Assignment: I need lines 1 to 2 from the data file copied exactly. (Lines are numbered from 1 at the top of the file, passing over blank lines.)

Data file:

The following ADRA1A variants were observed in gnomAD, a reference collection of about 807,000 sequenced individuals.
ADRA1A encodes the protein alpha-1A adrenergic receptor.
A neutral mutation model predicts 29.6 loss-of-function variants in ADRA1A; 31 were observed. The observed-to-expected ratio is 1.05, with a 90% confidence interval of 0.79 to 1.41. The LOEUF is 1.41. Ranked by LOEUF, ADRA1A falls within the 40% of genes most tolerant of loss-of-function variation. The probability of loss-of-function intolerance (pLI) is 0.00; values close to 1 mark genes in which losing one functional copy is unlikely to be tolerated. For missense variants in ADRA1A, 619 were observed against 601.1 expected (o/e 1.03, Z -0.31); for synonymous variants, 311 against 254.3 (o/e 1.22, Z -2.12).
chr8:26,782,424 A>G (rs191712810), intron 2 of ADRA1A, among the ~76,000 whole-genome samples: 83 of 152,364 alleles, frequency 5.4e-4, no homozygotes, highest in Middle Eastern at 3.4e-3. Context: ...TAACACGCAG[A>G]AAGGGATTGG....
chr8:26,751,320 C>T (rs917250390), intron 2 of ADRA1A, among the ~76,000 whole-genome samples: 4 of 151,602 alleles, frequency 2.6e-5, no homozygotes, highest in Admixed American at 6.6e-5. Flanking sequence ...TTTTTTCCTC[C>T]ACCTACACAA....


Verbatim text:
The following ADRA1A variants were observed in gnomAD, a reference collection of about 807,000 sequenced individuals.
ADRA1A encodes the protein alpha-1A adrenergic receptor.